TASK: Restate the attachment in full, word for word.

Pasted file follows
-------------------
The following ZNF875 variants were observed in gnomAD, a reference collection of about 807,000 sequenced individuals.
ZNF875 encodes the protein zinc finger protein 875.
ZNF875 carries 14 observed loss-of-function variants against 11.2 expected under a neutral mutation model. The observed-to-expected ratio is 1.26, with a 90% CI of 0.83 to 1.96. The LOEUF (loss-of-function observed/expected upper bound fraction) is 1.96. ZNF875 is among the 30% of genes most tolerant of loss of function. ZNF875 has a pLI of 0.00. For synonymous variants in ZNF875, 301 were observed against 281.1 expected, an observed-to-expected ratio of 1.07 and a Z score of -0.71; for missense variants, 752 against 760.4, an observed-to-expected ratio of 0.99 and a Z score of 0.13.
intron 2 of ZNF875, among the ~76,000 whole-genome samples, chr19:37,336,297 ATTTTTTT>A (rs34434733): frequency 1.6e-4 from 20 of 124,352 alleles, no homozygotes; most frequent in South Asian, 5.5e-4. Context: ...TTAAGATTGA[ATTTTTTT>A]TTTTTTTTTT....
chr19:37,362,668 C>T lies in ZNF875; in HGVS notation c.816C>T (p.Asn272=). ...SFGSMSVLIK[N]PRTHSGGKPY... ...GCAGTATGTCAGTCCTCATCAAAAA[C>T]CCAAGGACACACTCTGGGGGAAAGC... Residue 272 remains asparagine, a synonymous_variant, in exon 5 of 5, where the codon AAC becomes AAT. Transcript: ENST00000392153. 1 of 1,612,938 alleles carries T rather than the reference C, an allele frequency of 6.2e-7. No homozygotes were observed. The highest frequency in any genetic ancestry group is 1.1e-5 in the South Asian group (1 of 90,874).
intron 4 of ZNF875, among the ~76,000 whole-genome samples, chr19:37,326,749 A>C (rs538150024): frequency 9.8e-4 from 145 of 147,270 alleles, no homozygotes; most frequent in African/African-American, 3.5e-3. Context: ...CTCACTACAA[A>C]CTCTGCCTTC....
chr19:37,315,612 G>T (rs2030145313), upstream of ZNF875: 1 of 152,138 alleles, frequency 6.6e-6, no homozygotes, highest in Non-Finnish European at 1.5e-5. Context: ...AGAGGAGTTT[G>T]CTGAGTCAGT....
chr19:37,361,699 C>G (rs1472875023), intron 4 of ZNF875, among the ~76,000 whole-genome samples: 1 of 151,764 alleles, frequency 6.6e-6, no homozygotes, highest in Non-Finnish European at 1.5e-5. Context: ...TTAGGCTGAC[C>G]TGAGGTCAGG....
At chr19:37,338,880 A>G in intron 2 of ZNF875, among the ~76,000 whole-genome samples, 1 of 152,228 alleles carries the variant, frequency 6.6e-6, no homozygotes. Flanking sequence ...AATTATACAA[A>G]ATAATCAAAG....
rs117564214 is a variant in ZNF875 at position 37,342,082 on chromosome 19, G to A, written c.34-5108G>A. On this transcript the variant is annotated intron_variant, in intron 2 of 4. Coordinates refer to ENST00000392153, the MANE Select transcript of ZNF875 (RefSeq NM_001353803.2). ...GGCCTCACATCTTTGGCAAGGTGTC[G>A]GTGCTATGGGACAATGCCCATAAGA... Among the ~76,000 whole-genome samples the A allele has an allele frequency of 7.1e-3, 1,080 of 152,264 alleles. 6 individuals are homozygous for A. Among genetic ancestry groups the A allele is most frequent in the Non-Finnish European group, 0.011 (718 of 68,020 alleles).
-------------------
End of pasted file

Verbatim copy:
The following ZNF875 variants were observed in gnomAD, a reference collection of about 807,000 sequenced individuals.
ZNF875 encodes the protein zinc finger protein 875.
ZNF875 carries 14 observed loss-of-function variants against 11.2 expected under a neutral mutation model. The observed-to-expected ratio is 1.26, with a 90% CI of 0.83 to 1.96. The LOEUF (loss-of-function observed/expected upper bound fraction) is 1.96. ZNF875 is among the 30% of genes most tolerant of loss of function. ZNF875 has a pLI of 0.00. For synonymous variants in ZNF875, 301 were observed against 281.1 expected, an observed-to-expected ratio of 1.07 and a Z score of -0.71; for missense variants, 752 against 760.4, an observed-to-expected ratio of 0.99 and a Z score of 0.13.
intron 2 of ZNF875, among the ~76,000 whole-genome samples, chr19:37,336,297 ATTTTTTT>A (rs34434733): frequency 1.6e-4 from 20 of 124,352 alleles, no homozygotes; most frequent in South Asian, 5.5e-4. Context: ...TTAAGATTGA[ATTTTTTT>A]TTTTTTTTTT....
chr19:37,362,668 C>T lies in ZNF875; in HGVS notation c.816C>T (p.Asn272=). ...SFGSMSVLIK[N]PRTHSGGKPY... ...GCAGTATGTCAGTCCTCATCAAAAA[C>T]CCAAGGACACACTCTGGGGGAAAGC... Residue 272 remains asparagine, a synonymous_variant, in exon 5 of 5, where the codon AAC becomes AAT. Transcript: ENST00000392153. 1 of 1,612,938 alleles carries T rather than the reference C, an allele frequency of 6.2e-7. No homozygotes were observed. The highest frequency in any genetic ancestry group is 1.1e-5 in the South Asian group (1 of 90,874).
intron 4 of ZNF875, among the ~76,000 whole-genome samples, chr19:37,326,749 A>C (rs538150024): frequency 9.8e-4 from 145 of 147,270 alleles, no homozygotes; most frequent in African/African-American, 3.5e-3. Context: ...CTCACTACAA[A>C]CTCTGCCTTC....
chr19:37,315,612 G>T (rs2030145313), upstream of ZNF875: 1 of 152,138 alleles, frequency 6.6e-6, no homozygotes, highest in Non-Finnish European at 1.5e-5. Context: ...AGAGGAGTTT[G>T]CTGAGTCAGT....
chr19:37,361,699 C>G (rs1472875023), intron 4 of ZNF875, among the ~76,000 whole-genome samples: 1 of 151,764 alleles, frequency 6.6e-6, no homozygotes, highest in Non-Finnish European at 1.5e-5. Context: ...TTAGGCTGAC[C>G]TGAGGTCAGG....
At chr19:37,338,880 A>G in intron 2 of ZNF875, among the ~76,000 whole-genome samples, 1 of 152,228 alleles carries the variant, frequency 6.6e-6, no homozygotes. Flanking sequence ...AATTATACAA[A>G]ATAATCAAAG....
rs117564214 is a variant in ZNF875 at position 37,342,082 on chromosome 19, G to A, written c.34-5108G>A. On this transcript the variant is annotated intron_variant, in intron 2 of 4. Coordinates refer to ENST00000392153, the MANE Select transcript of ZNF875 (RefSeq NM_001353803.2). ...GGCCTCACATCTTTGGCAAGGTGTC[G>A]GTGCTATGGGACAATGCCCATAAGA... Among the ~76,000 whole-genome samples the A allele has an allele frequency of 7.1e-3, 1,080 of 152,264 alleles. 6 individuals are homozygous for A. Among genetic ancestry groups the A allele is most frequent in the Non-Finnish European group, 0.011 (718 of 68,020 alleles).